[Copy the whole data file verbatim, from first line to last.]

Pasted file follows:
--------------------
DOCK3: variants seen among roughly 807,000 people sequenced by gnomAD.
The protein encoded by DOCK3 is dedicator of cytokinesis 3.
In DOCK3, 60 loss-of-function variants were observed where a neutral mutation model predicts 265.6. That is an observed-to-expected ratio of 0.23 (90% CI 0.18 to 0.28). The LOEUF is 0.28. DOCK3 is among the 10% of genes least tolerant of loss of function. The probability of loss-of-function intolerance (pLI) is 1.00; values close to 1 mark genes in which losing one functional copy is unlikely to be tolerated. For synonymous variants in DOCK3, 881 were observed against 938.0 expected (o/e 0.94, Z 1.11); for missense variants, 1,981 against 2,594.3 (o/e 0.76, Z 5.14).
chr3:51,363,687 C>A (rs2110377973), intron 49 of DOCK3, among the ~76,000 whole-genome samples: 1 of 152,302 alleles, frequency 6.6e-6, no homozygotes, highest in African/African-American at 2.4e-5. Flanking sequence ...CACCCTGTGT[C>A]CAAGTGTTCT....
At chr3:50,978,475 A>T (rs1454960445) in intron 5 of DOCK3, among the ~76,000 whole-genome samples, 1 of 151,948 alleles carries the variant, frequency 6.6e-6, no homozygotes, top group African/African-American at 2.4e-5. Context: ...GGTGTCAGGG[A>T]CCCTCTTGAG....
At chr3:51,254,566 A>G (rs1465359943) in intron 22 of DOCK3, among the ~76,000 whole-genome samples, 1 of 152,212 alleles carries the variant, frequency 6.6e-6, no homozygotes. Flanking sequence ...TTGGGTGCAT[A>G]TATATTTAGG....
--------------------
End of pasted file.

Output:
DOCK3: variants seen among roughly 807,000 people sequenced by gnomAD.
The protein encoded by DOCK3 is dedicator of cytokinesis 3.
In DOCK3, 60 loss-of-function variants were observed where a neutral mutation model predicts 265.6. That is an observed-to-expected ratio of 0.23 (90% CI 0.18 to 0.28). The LOEUF is 0.28. DOCK3 is among the 10% of genes least tolerant of loss of function. The probability of loss-of-function intolerance (pLI) is 1.00; values close to 1 mark genes in which losing one functional copy is unlikely to be tolerated. For synonymous variants in DOCK3, 881 were observed against 938.0 expected (o/e 0.94, Z 1.11); for missense variants, 1,981 against 2,594.3 (o/e 0.76, Z 5.14).
chr3:51,363,687 C>A (rs2110377973), intron 49 of DOCK3, among the ~76,000 whole-genome samples: 1 of 152,302 alleles, frequency 6.6e-6, no homozygotes, highest in African/African-American at 2.4e-5. Flanking sequence ...CACCCTGTGT[C>A]CAAGTGTTCT....
At chr3:50,978,475 A>T (rs1454960445) in intron 5 of DOCK3, among the ~76,000 whole-genome samples, 1 of 151,948 alleles carries the variant, frequency 6.6e-6, no homozygotes, top group African/African-American at 2.4e-5. Context: ...GGTGTCAGGG[A>T]CCCTCTTGAG....
At chr3:51,254,566 A>G (rs1465359943) in intron 22 of DOCK3, among the ~76,000 whole-genome samples, 1 of 152,212 alleles carries the variant, frequency 6.6e-6, no homozygotes. Flanking sequence ...TTGGGTGCAT[A>G]TATATTTAGG....